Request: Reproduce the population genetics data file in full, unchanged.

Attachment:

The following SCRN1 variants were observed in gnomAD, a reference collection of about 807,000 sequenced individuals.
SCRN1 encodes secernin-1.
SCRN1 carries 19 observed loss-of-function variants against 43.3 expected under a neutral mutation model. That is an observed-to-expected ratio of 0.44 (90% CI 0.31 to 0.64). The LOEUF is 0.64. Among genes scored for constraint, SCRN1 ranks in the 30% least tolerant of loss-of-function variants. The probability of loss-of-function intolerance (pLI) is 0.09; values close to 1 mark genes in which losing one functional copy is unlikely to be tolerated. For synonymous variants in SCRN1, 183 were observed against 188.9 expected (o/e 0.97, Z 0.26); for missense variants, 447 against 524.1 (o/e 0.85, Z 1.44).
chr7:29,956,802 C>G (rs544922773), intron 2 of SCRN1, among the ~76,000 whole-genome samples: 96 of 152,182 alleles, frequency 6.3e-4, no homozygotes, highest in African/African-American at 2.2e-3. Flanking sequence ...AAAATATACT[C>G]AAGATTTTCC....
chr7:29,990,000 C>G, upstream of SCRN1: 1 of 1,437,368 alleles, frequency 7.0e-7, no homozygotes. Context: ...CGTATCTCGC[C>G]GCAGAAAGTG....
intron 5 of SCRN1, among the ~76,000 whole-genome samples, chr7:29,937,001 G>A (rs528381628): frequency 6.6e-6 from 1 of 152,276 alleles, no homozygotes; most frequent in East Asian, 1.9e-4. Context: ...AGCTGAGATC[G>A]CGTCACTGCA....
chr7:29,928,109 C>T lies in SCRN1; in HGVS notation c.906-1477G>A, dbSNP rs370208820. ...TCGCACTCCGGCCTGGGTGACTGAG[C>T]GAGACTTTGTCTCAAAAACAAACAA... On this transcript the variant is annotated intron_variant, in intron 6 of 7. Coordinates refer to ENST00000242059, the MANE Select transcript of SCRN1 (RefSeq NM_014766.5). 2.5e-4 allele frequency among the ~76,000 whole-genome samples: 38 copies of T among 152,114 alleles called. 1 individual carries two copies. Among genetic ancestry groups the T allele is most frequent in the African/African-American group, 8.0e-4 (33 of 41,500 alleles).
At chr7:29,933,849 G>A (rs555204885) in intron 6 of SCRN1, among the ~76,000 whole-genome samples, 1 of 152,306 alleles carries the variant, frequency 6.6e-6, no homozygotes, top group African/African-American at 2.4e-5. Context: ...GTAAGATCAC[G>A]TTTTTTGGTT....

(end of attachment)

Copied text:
The following SCRN1 variants were observed in gnomAD, a reference collection of about 807,000 sequenced individuals.
SCRN1 encodes secernin-1.
SCRN1 carries 19 observed loss-of-function variants against 43.3 expected under a neutral mutation model. That is an observed-to-expected ratio of 0.44 (90% CI 0.31 to 0.64). The LOEUF is 0.64. Among genes scored for constraint, SCRN1 ranks in the 30% least tolerant of loss-of-function variants. The probability of loss-of-function intolerance (pLI) is 0.09; values close to 1 mark genes in which losing one functional copy is unlikely to be tolerated. For synonymous variants in SCRN1, 183 were observed against 188.9 expected (o/e 0.97, Z 0.26); for missense variants, 447 against 524.1 (o/e 0.85, Z 1.44).
chr7:29,956,802 C>G (rs544922773), intron 2 of SCRN1, among the ~76,000 whole-genome samples: 96 of 152,182 alleles, frequency 6.3e-4, no homozygotes, highest in African/African-American at 2.2e-3. Flanking sequence ...AAAATATACT[C>G]AAGATTTTCC....
chr7:29,990,000 C>G, upstream of SCRN1: 1 of 1,437,368 alleles, frequency 7.0e-7, no homozygotes. Context: ...CGTATCTCGC[C>G]GCAGAAAGTG....
intron 5 of SCRN1, among the ~76,000 whole-genome samples, chr7:29,937,001 G>A (rs528381628): frequency 6.6e-6 from 1 of 152,276 alleles, no homozygotes; most frequent in East Asian, 1.9e-4. Context: ...AGCTGAGATC[G>A]CGTCACTGCA....
chr7:29,928,109 C>T lies in SCRN1; in HGVS notation c.906-1477G>A, dbSNP rs370208820. ...TCGCACTCCGGCCTGGGTGACTGAG[C>T]GAGACTTTGTCTCAAAAACAAACAA... On this transcript the variant is annotated intron_variant, in intron 6 of 7. Coordinates refer to ENST00000242059, the MANE Select transcript of SCRN1 (RefSeq NM_014766.5). 2.5e-4 allele frequency among the ~76,000 whole-genome samples: 38 copies of T among 152,114 alleles called. 1 individual carries two copies. Among genetic ancestry groups the T allele is most frequent in the African/African-American group, 8.0e-4 (33 of 41,500 alleles).
At chr7:29,933,849 G>A (rs555204885) in intron 6 of SCRN1, among the ~76,000 whole-genome samples, 1 of 152,306 alleles carries the variant, frequency 6.6e-6, no homozygotes, top group African/African-American at 2.4e-5. Context: ...GTAAGATCAC[G>A]TTTTTTGGTT....